This is my default "hospitality" meal - when someone's sick or just had a baby, this is what I'll usually take them. I think my mom may have originally found this recipe on a can of Veg-All or some such place. It makes great leftovers, being one of those foods that tastes even better the next day. If you can't cook the pie right away you can keep it in the fridge for a few days. If you need to wait longer than that you can freeze it.

Chicken Pot Pie
1 can (~16oz) regular Veg-All
2 cans cream of potato soup
1/2 cup milk (I generally use skim because it's what I have on hand)
2 cups chicken (I generally buy about 16oz of canned white meat)
1/2 tsp thyme
1/2 tsp pepper
2 9" pie crusts (I generally use the pre-made Pillsbury pie crusts)

Combine ingredients (except the pie crusts) in a large bowl, stir together

Put one pie crust in the bottom of a 9" pie pan, pour in the ingredients, and cover with the other pie crust. Crimp the edges of the crust and cut vents in the top of the pie.

Bake at 375o for 40min.

Tuesday, October 27, 2009

The Gospel, in 300 words or less

My community group was talking about Gospel & Mission last week. (A community group is a group of people from Sojourn who get together weekly to talk about the sermon and how it applies to their lives and who are committed to being in each others lives for community, fellowship, and accountability.) One of the things we discussed was how people can grow up in the church and be stumped by the simple question "What is the gospel?" So, for this week, we gave ourselves the assignment to write out the gospel in our own words. We're supposed to avoid "church lingo" as much as possible.

We're going to share our homework with each other tonight.

Here's my effort:
God is a holy God. We are sinners. Because God is holy and we are sinners, we are separated from God - we are cut off, we are His enemies. And this is a situation we cannot remedy ourselves. We can't ever make up for it. The gap between God's holiness and our sinfulness is too great.

But God wanted to have a relationship with us.

So God the Father sent His Son (who is also fully God) to live a perfect, sinless life, be crucified in payment for our sins, and be raised to life after 3 days, conquering death.

Now, if we trust in Christ, in the work He accomplished by His death and resurrection, we will be restored to relationship with God. God will count our sins paid for by the sacrifice of Christ. He will count Christ's righteousness (His perfect "doing right"-ness) as ours. He will send His Spirit to live in us.

While we're here on this earth, that Spirit will work in us to make us more and more like Jesus - to work out more and more in practice what is already true in fact: that we no longer have to do what our sinful nature tells us to do but we are free, by the Spirit's power, to live lives that are pleasing to God.

Then, when we die, we will go to live with God forever in a place with no more sin and no more suffering, a place of unimaginable joy.

Friday, October 23, 2009

On a Sweeter Note

It's been a heavy couple days here on the blog so I thought I'd send you over to my friend Sarah's blog ( She doesn't have as much time to update her blog as I think she'd like, but I've found her posts encouraging.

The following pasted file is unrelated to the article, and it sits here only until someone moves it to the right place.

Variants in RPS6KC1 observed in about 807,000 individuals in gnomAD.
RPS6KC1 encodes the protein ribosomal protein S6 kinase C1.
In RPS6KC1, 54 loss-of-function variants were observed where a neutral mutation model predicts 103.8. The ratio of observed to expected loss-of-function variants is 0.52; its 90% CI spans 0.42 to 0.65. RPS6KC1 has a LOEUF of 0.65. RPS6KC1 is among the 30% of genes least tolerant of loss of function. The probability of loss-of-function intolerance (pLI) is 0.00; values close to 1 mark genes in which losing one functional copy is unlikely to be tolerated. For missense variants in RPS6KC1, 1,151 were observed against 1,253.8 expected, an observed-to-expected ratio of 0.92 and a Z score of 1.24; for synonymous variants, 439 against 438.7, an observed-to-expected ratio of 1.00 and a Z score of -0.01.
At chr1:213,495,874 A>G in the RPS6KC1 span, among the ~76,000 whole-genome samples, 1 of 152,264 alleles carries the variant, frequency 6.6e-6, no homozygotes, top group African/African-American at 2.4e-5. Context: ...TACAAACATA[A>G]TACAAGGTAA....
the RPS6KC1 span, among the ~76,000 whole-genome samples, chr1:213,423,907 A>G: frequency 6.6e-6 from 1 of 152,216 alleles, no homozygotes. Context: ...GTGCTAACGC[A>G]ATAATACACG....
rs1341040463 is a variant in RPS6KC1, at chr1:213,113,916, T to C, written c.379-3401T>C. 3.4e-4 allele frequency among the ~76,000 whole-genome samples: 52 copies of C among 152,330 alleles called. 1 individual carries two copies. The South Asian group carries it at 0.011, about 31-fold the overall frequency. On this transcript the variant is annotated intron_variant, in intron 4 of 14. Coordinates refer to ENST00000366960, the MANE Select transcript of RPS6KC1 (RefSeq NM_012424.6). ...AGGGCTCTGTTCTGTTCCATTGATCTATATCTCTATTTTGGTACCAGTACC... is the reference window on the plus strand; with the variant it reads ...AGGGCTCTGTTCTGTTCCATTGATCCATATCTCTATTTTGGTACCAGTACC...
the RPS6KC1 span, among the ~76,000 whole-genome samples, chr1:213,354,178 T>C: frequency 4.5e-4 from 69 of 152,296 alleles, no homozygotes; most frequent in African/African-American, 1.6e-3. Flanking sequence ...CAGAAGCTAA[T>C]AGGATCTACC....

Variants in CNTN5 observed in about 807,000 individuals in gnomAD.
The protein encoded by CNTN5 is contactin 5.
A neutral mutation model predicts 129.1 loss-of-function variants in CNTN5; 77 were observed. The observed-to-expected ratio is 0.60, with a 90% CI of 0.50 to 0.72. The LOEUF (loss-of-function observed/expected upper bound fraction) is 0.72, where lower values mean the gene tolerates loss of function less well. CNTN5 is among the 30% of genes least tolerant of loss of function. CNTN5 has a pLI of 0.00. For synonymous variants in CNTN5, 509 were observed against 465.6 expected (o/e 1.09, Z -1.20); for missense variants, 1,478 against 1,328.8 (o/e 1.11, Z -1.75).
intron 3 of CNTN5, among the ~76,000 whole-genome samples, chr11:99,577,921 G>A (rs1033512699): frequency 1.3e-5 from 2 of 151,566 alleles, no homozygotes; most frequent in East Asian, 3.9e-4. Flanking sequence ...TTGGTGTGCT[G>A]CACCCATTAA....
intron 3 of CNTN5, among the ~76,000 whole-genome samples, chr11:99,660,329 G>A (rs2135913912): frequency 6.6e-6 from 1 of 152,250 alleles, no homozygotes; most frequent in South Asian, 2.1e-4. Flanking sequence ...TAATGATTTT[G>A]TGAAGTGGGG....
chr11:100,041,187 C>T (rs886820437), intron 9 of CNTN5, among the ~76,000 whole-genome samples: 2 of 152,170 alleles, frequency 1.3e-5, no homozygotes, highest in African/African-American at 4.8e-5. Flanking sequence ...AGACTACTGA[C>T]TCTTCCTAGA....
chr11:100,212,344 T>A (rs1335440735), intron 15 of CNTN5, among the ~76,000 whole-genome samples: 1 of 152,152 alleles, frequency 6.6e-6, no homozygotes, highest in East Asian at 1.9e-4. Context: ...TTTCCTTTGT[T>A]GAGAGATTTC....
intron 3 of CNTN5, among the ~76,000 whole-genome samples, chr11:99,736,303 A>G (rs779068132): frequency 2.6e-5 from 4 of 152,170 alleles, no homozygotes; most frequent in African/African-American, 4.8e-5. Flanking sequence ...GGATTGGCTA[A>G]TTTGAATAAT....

She's the mother of two sweet girls (who are two of my favorite tiny people), wife of the worship arts pastor at Sojourn and quite the crafter. She blogs about all these things - crafts, homemaking, parenting, marriage - and her journey as she seeks to grow in contentment.

To steal her J.I. Packer quote:
"Contentment is essentially a matter of accepting from God’s hand what He sends because we know that He is good and therefore it is good."

Thursday, October 22, 2009

Psalms of Depression

This Psalm was part of my reading today. The talk of death and rejection resonated with me. Even in the midst of these feelings, the Psalmist comes before God. I love that it's okay to come to God with feelings like this.

Psalm 88
1 O LORD, the God who saves me,
day and night I cry out before you.

2 May my prayer come before you;
turn your ear to my cry.

3 For my soul is full of trouble
and my life draws near the grave.

4 I am counted among those who go down to the pit;
I am like a man without strength.

5 I am set apart with the dead,
like the slain who lie in the grave,
whom you remember no more,
who are cut off from your care.

6 You have put me in the lowest pit,
in the darkest depths.

7 Your wrath lies heavily upon me;
you have overwhelmed me with all your waves.

8 You have taken from me my closest friends
and have made me repulsive to them.
I am confined and cannot escape;

9 my eyes are dim with grief.
I call to you, O LORD, every day;
I spread out my hands to you.

10 Do you show your wonders to the dead?
Do those who are dead rise up and praise you?

11 Is your love declared in the grave,
your faithfulness in Destruction?

12 Are your wonders known in the place of darkness,
or your righteous deeds in the land of oblivion?

13 But I cry to you for help, O LORD;
in the morning my prayer comes before you.

14 Why, O LORD, do you reject me
and hide your face from me?

15 From my youth I have been afflicted and close to death;
I have suffered your terrors and am in despair.

16 Your wrath has swept over me;
your terrors have destroyed me.

17 All day long they surround me like a flood;
they have completely engulfed me.

18 You have taken my companions and loved ones from me;
the darkness is my closest friend.

Down the Rabbit Hole

One of the things Edward Welch talks about in Depression: A Stubborn Darkness is listening to your depression so that you can learn its triggers, learn to identify its early warning signs.

I already have one "rabbit hole" labeled family, but last night I tripped down another. It's a familiar one - preceded by increasingly cutting thoughts that tell me more and more convincingly that I'm unwanted - and don't deserve to be wanted. I don't mean wanted by the opposite sex, I mean wanted by friends.

I still don't understand this particular rabbit hole very well.